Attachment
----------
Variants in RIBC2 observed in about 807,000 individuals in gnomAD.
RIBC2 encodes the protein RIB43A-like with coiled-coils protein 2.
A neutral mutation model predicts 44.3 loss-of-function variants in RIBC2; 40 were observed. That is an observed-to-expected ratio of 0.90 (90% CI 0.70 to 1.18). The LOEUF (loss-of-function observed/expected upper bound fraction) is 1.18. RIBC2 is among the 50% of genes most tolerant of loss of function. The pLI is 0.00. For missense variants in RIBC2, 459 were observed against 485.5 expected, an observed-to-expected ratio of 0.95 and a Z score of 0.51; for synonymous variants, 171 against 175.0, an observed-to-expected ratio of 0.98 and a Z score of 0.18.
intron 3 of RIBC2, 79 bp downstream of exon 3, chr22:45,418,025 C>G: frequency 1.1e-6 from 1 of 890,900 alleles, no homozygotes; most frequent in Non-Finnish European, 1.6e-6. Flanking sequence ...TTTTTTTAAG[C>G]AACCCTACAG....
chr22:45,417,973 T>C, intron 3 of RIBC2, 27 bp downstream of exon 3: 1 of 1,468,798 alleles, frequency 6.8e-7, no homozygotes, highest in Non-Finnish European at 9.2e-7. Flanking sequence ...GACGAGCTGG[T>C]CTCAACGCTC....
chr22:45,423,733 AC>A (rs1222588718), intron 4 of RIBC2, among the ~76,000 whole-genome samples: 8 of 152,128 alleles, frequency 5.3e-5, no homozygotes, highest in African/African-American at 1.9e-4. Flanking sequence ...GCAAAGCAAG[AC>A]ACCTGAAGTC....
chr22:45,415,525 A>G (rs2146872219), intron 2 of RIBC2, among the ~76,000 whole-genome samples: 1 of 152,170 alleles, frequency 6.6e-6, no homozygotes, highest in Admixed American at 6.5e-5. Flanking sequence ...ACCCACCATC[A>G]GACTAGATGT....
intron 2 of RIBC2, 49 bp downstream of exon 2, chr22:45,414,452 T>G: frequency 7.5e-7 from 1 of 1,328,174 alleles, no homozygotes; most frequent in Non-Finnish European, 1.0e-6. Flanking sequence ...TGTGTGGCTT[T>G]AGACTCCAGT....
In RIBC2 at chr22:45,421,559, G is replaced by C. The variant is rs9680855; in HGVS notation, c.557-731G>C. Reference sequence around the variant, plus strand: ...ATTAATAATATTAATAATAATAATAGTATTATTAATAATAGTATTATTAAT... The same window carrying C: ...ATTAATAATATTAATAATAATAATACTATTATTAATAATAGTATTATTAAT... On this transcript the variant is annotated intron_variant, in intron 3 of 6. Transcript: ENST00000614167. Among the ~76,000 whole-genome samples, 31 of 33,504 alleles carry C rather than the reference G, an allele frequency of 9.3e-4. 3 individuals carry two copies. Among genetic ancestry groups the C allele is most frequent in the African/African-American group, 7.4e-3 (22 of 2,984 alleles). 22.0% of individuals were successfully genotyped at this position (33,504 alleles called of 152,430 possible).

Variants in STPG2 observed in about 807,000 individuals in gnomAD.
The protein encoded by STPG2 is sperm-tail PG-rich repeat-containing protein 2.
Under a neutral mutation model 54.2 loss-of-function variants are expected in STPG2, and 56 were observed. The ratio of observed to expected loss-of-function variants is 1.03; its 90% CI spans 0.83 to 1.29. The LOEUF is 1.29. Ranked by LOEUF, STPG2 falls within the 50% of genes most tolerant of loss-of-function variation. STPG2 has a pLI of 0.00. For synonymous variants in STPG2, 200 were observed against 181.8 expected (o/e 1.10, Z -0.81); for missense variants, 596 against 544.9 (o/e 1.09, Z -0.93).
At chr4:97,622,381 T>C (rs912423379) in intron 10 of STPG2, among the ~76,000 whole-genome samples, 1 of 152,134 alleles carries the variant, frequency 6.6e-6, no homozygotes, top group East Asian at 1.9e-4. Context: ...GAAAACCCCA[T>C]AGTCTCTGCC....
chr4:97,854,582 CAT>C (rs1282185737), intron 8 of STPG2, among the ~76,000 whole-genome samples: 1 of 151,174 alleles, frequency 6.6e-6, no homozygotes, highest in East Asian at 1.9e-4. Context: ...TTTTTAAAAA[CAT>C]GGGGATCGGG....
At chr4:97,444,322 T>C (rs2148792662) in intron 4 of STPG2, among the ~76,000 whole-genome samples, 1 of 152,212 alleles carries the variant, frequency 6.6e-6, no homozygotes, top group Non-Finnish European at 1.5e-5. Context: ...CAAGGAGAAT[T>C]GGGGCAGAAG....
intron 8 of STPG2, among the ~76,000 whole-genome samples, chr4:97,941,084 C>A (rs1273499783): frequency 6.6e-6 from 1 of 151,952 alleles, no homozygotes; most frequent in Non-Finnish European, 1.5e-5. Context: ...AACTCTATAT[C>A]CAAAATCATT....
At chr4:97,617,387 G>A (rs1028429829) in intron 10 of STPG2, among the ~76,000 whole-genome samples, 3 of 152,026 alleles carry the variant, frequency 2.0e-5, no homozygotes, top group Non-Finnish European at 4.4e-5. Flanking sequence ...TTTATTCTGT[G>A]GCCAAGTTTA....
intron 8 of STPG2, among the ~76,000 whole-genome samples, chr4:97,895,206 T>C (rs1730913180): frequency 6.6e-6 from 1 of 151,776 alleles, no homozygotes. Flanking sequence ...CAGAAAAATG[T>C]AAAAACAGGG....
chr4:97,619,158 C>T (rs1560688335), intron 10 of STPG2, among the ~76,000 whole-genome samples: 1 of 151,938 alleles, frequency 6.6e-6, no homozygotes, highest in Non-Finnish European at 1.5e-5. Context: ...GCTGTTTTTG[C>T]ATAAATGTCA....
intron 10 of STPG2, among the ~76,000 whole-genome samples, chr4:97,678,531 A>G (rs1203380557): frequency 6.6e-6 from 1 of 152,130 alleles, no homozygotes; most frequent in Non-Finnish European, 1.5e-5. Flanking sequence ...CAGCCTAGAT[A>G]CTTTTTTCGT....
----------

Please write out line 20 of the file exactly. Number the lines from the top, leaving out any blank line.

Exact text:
intron 10 of STPG2, among the ~76,000 whole-genome samples, chr4:97,678,531 A>G (rs1203380557): frequency 6.6e-6 from 1 of 152,130 alleles, no homozygotes; most frequent in Non-Finnish European, 1.5e-5. Flanking sequence ...CAGCCTAGAT[A>G]CTTTTTTCGT....